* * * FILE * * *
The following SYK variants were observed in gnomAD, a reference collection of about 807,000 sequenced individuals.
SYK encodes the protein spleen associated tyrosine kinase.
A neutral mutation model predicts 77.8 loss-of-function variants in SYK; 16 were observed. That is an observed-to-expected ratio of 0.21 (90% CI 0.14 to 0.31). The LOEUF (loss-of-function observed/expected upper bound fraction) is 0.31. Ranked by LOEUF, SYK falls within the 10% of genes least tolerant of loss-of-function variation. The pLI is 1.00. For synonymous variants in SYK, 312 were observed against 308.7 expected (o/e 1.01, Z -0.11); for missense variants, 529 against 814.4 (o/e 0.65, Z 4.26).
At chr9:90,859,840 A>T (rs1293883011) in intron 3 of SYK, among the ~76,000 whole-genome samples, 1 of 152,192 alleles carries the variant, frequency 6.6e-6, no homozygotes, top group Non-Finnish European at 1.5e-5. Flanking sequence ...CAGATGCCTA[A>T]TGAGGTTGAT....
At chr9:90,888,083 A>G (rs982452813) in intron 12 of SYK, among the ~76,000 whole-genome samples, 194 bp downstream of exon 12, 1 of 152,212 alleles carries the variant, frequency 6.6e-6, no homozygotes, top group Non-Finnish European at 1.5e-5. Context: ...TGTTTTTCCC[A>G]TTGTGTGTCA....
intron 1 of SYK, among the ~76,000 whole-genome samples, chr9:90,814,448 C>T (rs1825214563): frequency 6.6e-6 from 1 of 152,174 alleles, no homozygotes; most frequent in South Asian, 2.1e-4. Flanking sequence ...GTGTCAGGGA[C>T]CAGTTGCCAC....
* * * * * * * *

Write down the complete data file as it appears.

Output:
The following SYK variants were observed in gnomAD, a reference collection of about 807,000 sequenced individuals.
SYK encodes the protein spleen associated tyrosine kinase.
A neutral mutation model predicts 77.8 loss-of-function variants in SYK; 16 were observed. That is an observed-to-expected ratio of 0.21 (90% CI 0.14 to 0.31). The LOEUF (loss-of-function observed/expected upper bound fraction) is 0.31. Ranked by LOEUF, SYK falls within the 10% of genes least tolerant of loss-of-function variation. The pLI is 1.00. For synonymous variants in SYK, 312 were observed against 308.7 expected (o/e 1.01, Z -0.11); for missense variants, 529 against 814.4 (o/e 0.65, Z 4.26).
At chr9:90,859,840 A>T (rs1293883011) in intron 3 of SYK, among the ~76,000 whole-genome samples, 1 of 152,192 alleles carries the variant, frequency 6.6e-6, no homozygotes, top group Non-Finnish European at 1.5e-5. Flanking sequence ...CAGATGCCTA[A>T]TGAGGTTGAT....
At chr9:90,888,083 A>G (rs982452813) in intron 12 of SYK, among the ~76,000 whole-genome samples, 194 bp downstream of exon 12, 1 of 152,212 alleles carries the variant, frequency 6.6e-6, no homozygotes, top group Non-Finnish European at 1.5e-5. Context: ...TGTTTTTCCC[A>G]TTGTGTGTCA....
intron 1 of SYK, among the ~76,000 whole-genome samples, chr9:90,814,448 C>T (rs1825214563): frequency 6.6e-6 from 1 of 152,174 alleles, no homozygotes; most frequent in South Asian, 2.1e-4. Flanking sequence ...GTGTCAGGGA[C>T]CAGTTGCCAC....